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Early introduction of enteral feeding for patients with percutaneous cardiopulmonary support


Early enteral nutrition has been shown to have a beneficial effect on intestinal integrity and motility, immunocompetence, and patient outcome. Generally, circulatory stability is needed for the introduction but, because there is no precise definition, we might miss the right time to begin. In the present study we attempted to establish early enteral nutrition for patients with cardiogenic shock with a ventricular assist device.


Ten postoperative patients with cardiogenic shock under percutaneous cardiopulmonary support were included. An enteral feeding tube was placed beyond the pylorus within 36 hours of operation under the observation of an upper gastrointestinal fiberscope. We estimated the mobility rate of the stomach by counting the number of vermiculation for 3 minutes at the pylorus. We assessed the movement of the intestine by observing the X-ray film to see whether the contrast medium we injected 3 hours before had moved or not. If the medium had moved rapidly to the colon, enteral formula was started at the rate of 20 ml/hour. The serum prealbumin concentration was measured every 7 days. Other laboratory data was compared with five control TPN patients retrospectively.


The mobility rate of the stomach was decreased to 4.6 ± 3.2 times/3 minutes, but contrast media moved rapidly to the ascending colon in two patients, to the transverse colon in three patients, to the sigmoid colon in one patient, and to the rectum in three patients. One patient needed to stop enteral nutrition transiently because of reflux, but for the other nine patients enteral nutrition was well established. The prealbumin level also rose to 13 ± 3.5, 14.1 ± 4.9, 22 ± 2.8 weekly, but it was difficult to compare with control TPN patients because many of them died early. Serum ALP, total bilirubin, and direct bilirubin concentration 1 week after in survivors was lower in ED patients (ALP 437 ± 248 vs 566 ± 300, P = 0.57; total bilirubin 2.5 ± 2.5 vs 3.1 ± 1.0, P = 0.09; and direct bilirubin 1.5 ± 1.8 vs 2.1 ± 0.8, P = 0.09). Seven (70%) of the ED patients survived over 90 days (all five patients died in the TPN group).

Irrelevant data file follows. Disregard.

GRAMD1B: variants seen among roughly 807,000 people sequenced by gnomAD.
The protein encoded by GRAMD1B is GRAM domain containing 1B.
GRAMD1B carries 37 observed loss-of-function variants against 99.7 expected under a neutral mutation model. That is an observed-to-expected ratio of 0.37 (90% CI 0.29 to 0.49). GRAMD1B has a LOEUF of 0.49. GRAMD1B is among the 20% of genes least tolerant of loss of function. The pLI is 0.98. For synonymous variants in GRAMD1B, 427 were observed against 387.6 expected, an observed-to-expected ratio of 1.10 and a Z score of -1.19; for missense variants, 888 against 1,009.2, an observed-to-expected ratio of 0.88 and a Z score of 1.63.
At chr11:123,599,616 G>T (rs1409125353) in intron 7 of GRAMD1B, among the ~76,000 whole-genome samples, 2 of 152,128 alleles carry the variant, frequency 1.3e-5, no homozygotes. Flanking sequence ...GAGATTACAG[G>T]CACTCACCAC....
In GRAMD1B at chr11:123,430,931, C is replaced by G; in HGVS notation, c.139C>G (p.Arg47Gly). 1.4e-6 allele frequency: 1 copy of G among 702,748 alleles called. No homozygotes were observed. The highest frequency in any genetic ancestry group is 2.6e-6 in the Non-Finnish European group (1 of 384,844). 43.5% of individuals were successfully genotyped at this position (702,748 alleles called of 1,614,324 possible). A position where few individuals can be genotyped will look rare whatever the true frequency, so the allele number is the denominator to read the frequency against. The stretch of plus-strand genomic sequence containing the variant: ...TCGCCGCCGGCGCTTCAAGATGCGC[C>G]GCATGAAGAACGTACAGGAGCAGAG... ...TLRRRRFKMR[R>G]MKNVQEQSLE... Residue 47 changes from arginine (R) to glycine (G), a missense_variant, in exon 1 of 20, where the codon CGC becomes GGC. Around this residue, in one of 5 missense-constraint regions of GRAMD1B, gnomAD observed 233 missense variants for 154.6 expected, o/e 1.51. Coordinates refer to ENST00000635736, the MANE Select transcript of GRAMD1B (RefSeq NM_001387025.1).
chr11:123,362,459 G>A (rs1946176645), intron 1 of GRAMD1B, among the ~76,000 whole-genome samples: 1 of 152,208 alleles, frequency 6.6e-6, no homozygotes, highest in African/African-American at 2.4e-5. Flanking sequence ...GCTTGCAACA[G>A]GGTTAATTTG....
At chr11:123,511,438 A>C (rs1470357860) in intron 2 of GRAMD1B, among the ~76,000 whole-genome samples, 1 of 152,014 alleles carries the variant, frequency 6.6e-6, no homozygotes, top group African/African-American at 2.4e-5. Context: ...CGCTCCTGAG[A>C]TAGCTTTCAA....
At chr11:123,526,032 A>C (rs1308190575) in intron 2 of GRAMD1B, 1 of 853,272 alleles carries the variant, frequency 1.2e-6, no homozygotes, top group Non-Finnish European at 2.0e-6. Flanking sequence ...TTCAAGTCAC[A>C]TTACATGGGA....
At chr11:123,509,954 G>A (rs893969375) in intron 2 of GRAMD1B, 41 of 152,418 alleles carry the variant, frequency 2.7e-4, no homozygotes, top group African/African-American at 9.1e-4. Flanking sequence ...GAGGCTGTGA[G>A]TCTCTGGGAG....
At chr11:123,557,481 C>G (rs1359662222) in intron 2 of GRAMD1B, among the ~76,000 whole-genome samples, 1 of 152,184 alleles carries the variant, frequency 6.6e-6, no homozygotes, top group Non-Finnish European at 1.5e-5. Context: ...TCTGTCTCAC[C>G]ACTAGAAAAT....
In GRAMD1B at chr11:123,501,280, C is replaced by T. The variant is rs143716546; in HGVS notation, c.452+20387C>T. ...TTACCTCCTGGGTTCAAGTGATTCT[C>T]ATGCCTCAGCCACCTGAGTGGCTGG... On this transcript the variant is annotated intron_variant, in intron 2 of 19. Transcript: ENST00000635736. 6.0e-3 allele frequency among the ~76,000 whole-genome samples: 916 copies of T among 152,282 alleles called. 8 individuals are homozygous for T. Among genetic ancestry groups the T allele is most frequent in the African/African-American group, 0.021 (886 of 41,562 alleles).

If mesenteric circulation were stable, enteral nutrition could not be contraindication. Even an improvement in patient outcome can be expected in the view of avoiding complications such as bacterial translocation.


Intestinal mobility is fairly maintained in patients with cardiopulmonary support, and early enteral nutrition can be established under close observation.

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Hayami, H., Yamaguchi, O., Yamada, H. et al. Early introduction of enteral feeding for patients with percutaneous cardiopulmonary support. Crit Care 12 (Suppl 2), P142 (2008).

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